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Köhler, Peter; de Boer, Bas; von der Heydt, Anna S; Stap, Lennert Bastiaan; van de Wal, Roderik S W (2015): Model-based changes in global annual mean surface temperature change (Delta T_g) and radiative forcing due to land ice albedo changes (Delta R_[LI]) over the last 5 Myr, supplementary material. PANGAEA, https://doi.org/10.1594/PANGAEA.855449, Supplement to: Köhler, P et al. (2015): On the state dependency of the equilibrium climate sensitivity during the last 5 million years. Climate of the Past, 11(12), 1801-1823, https://doi.org/10.5194/cp-11-1801-2015

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Abstract:
It is still an open question how equilibrium warming in response to increasing radiative forcing – the specific equilibrium climate sensitivity S – depends on background climate. We here present palaeodata-based evidence on the state dependency of S, by using CO2 proxy data together with a 3-D ice-sheet-model-based reconstruction of land ice albedo over the last 5 million years (Myr). We find that the land ice albedo forcing depends non-linearly on the background climate, while any non-linearity of CO2 radiative forcing depends on the CO2 data set used. This non-linearity has not, so far, been accounted for in similar approaches due to previously more simplistic approximations, in which land ice albedo radiative forcing was a linear function of sea level change. The latitudinal dependency of ice-sheet area changes is important for the non-linearity between land ice albedo and sea level. In our set-up, in which the radiative forcing of CO2 and of the land ice albedo (LI) is combined, we find a state dependence in the calculated specific equilibrium climate sensitivity, S[CO2,LI], for most of the Pleistocene (last 2.1 Myr). During Pleistocene intermediate glaciated climates and interglacial periods, S[CO2,LI] is on average ~ 45 % larger than during Pleistocene full glacial conditions. In the Pliocene part of our analysis (2.6–5 Myr BP) the CO2 data uncertainties prevent a well-supported calculation for S[CO2,LI], but our analysis suggests that during times without a large land ice area in the Northern Hemisphere (e.g. before 2.82 Myr BP), the specific equilibrium climate sensitivity, S[CO2,LI], was smaller than during interglacials of the Pleistocene. We thus find support for a previously proposed state change in the climate system with the widespread appearance of northern hemispheric ice sheets. This study points for the first time to a so far overlooked non-linearity in the land ice albedo radiative forcing, which is important for similar palaeodata-based approaches to calculate climate sensitivity. However, the implications of this study for a suggested warming under CO2 doubling are not yet entirely clear since the details of necessary corrections for other slow feedbacks are not fully known and the uncertainties that exist in the ice-sheet simulations and global temperature reconstructions are large.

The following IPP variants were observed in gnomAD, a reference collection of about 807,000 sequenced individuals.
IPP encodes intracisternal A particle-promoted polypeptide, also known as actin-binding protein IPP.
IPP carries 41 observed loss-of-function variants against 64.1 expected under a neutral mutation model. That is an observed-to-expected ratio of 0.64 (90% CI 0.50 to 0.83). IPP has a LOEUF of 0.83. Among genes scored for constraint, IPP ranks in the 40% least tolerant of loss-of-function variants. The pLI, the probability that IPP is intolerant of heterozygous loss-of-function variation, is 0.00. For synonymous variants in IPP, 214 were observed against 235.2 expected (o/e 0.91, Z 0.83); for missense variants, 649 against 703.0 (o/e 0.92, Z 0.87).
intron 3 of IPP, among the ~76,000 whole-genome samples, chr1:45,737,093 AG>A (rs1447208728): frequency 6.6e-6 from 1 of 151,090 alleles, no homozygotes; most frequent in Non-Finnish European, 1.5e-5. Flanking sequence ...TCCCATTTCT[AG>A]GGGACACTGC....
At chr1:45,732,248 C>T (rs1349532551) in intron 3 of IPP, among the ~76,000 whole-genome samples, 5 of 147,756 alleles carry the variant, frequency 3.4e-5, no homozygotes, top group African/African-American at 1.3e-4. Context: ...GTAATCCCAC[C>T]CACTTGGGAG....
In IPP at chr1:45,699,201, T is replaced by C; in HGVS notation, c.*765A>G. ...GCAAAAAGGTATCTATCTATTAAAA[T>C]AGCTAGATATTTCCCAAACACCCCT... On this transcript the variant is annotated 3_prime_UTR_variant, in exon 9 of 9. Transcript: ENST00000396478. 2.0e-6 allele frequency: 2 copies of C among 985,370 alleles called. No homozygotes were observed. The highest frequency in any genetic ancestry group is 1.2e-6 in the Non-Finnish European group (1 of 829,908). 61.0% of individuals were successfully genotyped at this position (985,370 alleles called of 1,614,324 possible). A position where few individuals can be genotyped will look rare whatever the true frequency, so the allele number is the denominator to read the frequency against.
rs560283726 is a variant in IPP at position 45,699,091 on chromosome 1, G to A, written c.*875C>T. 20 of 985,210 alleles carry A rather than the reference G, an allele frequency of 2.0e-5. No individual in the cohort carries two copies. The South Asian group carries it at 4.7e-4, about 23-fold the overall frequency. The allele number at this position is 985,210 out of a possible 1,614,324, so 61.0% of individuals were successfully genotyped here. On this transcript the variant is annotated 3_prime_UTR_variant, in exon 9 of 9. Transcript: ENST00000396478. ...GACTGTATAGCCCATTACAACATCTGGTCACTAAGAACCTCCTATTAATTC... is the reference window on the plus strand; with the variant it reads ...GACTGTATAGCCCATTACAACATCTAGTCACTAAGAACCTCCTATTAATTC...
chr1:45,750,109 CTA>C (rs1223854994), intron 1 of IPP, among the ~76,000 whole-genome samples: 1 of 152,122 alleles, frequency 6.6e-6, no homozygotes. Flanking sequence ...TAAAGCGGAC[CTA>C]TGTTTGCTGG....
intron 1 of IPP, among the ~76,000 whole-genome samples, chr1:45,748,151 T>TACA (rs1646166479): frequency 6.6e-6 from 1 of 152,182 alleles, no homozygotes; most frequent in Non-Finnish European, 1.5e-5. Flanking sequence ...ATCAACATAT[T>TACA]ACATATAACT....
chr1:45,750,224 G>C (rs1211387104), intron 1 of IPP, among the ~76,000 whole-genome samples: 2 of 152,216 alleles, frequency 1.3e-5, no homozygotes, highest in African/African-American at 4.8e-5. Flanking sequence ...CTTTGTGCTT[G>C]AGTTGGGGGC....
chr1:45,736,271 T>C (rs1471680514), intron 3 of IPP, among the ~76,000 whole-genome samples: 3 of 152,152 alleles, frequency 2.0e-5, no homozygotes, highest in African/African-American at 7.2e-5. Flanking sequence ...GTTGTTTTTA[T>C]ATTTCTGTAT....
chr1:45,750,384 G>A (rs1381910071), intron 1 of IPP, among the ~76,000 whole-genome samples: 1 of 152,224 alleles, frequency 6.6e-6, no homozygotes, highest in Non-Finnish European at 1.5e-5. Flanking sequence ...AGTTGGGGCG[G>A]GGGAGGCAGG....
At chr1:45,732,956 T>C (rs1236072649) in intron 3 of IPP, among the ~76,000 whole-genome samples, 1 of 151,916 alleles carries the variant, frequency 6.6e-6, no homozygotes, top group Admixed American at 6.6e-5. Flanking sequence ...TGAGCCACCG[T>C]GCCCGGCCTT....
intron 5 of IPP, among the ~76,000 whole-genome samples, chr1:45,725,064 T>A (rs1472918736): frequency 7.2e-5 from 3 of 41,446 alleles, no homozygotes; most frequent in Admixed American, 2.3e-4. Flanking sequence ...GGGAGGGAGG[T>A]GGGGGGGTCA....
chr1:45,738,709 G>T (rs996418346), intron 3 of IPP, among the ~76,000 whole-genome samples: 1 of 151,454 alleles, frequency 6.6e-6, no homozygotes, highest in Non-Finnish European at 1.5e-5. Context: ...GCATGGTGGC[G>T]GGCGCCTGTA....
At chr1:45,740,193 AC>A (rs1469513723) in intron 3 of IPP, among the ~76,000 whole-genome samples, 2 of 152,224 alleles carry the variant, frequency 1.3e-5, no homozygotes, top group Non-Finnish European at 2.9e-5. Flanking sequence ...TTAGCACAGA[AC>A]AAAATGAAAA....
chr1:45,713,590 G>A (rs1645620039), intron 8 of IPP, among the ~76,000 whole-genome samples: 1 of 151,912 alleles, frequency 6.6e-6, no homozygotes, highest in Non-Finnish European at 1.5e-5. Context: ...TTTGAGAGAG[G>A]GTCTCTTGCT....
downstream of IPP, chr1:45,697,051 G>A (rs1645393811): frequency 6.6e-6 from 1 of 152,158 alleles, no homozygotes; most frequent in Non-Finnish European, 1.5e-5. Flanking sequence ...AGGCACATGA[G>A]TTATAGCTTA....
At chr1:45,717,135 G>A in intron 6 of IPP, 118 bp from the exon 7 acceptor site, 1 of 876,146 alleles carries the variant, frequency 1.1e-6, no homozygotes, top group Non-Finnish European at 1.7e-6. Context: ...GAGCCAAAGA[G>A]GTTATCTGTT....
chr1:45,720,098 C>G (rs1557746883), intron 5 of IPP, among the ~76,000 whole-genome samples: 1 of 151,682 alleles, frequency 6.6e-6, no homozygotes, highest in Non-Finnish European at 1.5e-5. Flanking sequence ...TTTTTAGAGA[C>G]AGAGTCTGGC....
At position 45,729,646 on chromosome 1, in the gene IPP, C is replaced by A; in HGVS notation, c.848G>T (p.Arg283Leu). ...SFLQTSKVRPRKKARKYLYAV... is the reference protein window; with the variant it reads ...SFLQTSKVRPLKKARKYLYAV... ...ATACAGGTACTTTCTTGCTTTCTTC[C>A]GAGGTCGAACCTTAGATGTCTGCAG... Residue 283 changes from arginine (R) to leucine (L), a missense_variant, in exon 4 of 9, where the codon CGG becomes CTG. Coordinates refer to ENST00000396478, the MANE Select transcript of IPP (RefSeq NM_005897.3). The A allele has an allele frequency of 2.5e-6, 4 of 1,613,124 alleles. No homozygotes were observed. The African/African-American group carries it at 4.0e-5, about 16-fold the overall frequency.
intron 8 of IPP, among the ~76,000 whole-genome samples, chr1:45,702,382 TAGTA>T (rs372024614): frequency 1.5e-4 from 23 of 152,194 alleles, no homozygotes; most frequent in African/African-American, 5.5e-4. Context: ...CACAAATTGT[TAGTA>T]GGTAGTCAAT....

Comment:
With an inverse climate model setup, that include 3D-ice sheet models, the benthic d18O global stack LR04 of the last 5 Myr (Lisiecki and Raymo, 2005, doi:10.1029/2004PA001071) was in a previous study (de Boer et al., 2014, doi:10.1038/ncomms3999) deconvolved into a temperature component and a sea level (ice sheet) component.
The calculated changes in land ice area (as function of time and latitude) combined with incoming solar radiation (Laskar et al., 2004, doi:10.1051/0004-6361:20041335) and a simplified energy balance scheme (Köhler et al., 2010, doi:10.1016/j.quascirev.2009.09.026) are used to calculate changes in radiative forcing due to land ice albedo changes (Delta R_[LI]) over the last 5 Myr (changes normalized to global changes in radiative forcing, units: W/m^2).
Three different assumptions on polar amplification are then used to calculate out of the model-based changes in temperature over the northern hemispheric land ice sheets (related to deep ocean temperature and derived from the deconvolution of the LR04 d18O stack) three different estimates of changes in global annual mean surface temperature.
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